Federal Government Might Bar Redding Hospital From Medicare Program
Officials for Tenet Healthcare, the nation's second-largest for-profit hospital chain, said yesterday that the federal government is giving the company 35 days to show why its Redding Medical Center should not be barred from Medicare and other federal health programs, the Los Angeles Times reports (Gellene, Los Angeles Times, 9/5). The announcement comes after Tenet officials Aug. 6 agreed to pay $54 million to settle allegations that Dr. Chae Hyun Moon, the hospital's former chief cardiologist, and Dr. Fidel Realyvasquez, a cardiac surgeon, performed unnecessary heart surgeries and defrauded Medicare. Under the settlement, Tenet did not admit any wrongdoing but agreed to implement new procedures at Redding. The settlement ended civil and criminal investigations into Tenet, subsidiary Tenet HealthSystems Hospitals and Redding, but it allowed federal investigations into the involvement of individuals in the alleged Medicare fraud at Redding to continue (California Healthline, 8/18). In a letter sent Wednesday to Tenet, the HHS Office of Inspector General said that from 1999 through 2002, Redding physicians billed Medicare for services that were "medically unnecessary and failed to meet professional recognized standards of care" (Eichenwald, New York Times, 9/5). "This is a particularly egregious case," Judy Holtz, a spokesperson for the HHS OIG, said, adding, "Our priority is to look out for patients and see that taxpayer money isn't wasted." Tenet officials said that the company would prove that there were no deliberate attempts to defraud the government and that an exclusion is undeserved, the Los Angeles Times reports (Los Angeles Times, 9/5). An exclusion from federal health programs "could be financially devastating" for Redding, the New York Times reports (New York Times, 9/5). Medicare and Medicaid accounted for 47.7% of Redding's net patient revenue in the first half of this year (Los Angeles Times, 9/5). In a statement, Tenet said that it would work with government officials to ensure that services provided by Redding continue uninterrupted (New York Times, 9/5).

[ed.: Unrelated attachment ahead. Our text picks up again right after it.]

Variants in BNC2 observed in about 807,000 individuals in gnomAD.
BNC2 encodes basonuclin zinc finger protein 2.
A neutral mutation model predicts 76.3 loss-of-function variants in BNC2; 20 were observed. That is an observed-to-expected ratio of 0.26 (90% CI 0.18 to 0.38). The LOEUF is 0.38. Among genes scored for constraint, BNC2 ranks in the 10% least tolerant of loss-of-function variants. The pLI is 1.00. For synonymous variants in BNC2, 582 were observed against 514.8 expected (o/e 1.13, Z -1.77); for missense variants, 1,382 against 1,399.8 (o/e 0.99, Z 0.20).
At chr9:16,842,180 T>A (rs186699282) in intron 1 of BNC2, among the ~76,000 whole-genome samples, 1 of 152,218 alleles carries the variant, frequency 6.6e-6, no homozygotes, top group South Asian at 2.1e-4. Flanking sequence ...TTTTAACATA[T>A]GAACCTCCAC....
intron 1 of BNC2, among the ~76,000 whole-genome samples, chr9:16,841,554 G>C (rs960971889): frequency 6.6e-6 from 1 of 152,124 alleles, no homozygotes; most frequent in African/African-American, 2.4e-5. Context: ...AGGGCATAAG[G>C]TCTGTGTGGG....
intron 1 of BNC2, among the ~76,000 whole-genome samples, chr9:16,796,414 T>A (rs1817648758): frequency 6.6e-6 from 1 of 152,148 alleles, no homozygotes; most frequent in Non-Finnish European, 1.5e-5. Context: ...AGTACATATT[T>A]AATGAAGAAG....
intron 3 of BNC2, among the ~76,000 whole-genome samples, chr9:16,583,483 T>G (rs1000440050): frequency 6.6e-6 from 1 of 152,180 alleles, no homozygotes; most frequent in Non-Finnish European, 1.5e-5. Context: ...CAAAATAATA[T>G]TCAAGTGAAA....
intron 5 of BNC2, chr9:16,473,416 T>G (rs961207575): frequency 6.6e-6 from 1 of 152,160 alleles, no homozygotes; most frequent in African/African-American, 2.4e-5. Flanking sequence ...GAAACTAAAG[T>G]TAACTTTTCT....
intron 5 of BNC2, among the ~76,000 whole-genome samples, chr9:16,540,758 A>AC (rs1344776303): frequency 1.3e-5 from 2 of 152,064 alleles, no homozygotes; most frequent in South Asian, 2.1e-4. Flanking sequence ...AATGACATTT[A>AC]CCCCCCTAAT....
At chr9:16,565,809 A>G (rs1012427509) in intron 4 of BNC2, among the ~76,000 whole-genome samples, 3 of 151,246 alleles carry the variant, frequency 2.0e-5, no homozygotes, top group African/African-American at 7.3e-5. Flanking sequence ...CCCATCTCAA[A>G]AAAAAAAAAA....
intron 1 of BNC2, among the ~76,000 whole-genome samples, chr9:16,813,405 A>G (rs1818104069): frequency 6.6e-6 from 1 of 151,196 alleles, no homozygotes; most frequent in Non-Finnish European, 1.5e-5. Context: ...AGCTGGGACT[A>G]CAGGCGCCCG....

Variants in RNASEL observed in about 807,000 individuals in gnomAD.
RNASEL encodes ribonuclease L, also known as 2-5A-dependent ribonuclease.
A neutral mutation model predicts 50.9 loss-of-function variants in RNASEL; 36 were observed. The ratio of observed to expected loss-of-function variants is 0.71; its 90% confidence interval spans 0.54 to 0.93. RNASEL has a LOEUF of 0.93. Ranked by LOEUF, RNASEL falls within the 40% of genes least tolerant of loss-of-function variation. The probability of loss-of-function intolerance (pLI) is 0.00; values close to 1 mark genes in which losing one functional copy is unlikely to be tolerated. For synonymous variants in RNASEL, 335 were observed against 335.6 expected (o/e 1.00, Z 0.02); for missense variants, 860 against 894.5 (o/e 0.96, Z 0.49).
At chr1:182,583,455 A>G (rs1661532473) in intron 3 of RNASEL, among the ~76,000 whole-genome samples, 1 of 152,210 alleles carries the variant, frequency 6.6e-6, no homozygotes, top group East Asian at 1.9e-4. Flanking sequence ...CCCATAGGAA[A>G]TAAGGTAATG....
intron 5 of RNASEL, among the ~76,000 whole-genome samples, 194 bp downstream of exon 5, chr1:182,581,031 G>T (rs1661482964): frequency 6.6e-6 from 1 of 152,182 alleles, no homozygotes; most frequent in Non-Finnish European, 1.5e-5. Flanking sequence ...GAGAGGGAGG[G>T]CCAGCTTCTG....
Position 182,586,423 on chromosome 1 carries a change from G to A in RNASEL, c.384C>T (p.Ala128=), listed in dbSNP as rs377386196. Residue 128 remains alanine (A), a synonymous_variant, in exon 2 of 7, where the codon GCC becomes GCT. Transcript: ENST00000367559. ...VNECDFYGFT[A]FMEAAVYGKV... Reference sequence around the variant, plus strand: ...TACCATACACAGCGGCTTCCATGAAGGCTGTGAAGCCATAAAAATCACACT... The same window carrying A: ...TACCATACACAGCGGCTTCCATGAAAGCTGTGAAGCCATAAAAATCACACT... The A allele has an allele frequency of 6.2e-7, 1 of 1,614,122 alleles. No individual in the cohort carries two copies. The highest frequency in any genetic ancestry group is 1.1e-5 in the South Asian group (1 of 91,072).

Tenet, Redding Medical Center and its physicians also face a lawsuit filed in August by 366 former cardiac patients for allegedly performing unnecessary heart surgeries to increase profit. The lawsuit, filed in Shasta County Superior Court, accuses the company and Redding and its physicians of fraud, negligence, battery and elder abuse. The lawsuit is seeking unspecified damages for past and future medical costs, lost income, pain and suffering and physical scarring, as well as punitive damages. Tenet also faces investigations into a variety of allegations. The Securities and Exchange Commission, the HHS OIG and the Federal Trade Commission have launched several investigations into Tenet since October 2002; the company also faces shareholder lawsuits and investigations by the Florida Medicaid Fraud Control Unit and the U.S. Attorney's office in Los Angeles (California Healthline, 8/18).This is part of the California Healthline Daily Edition, a summary of health policy coverage from major news organizations. Sign up for an email subscription.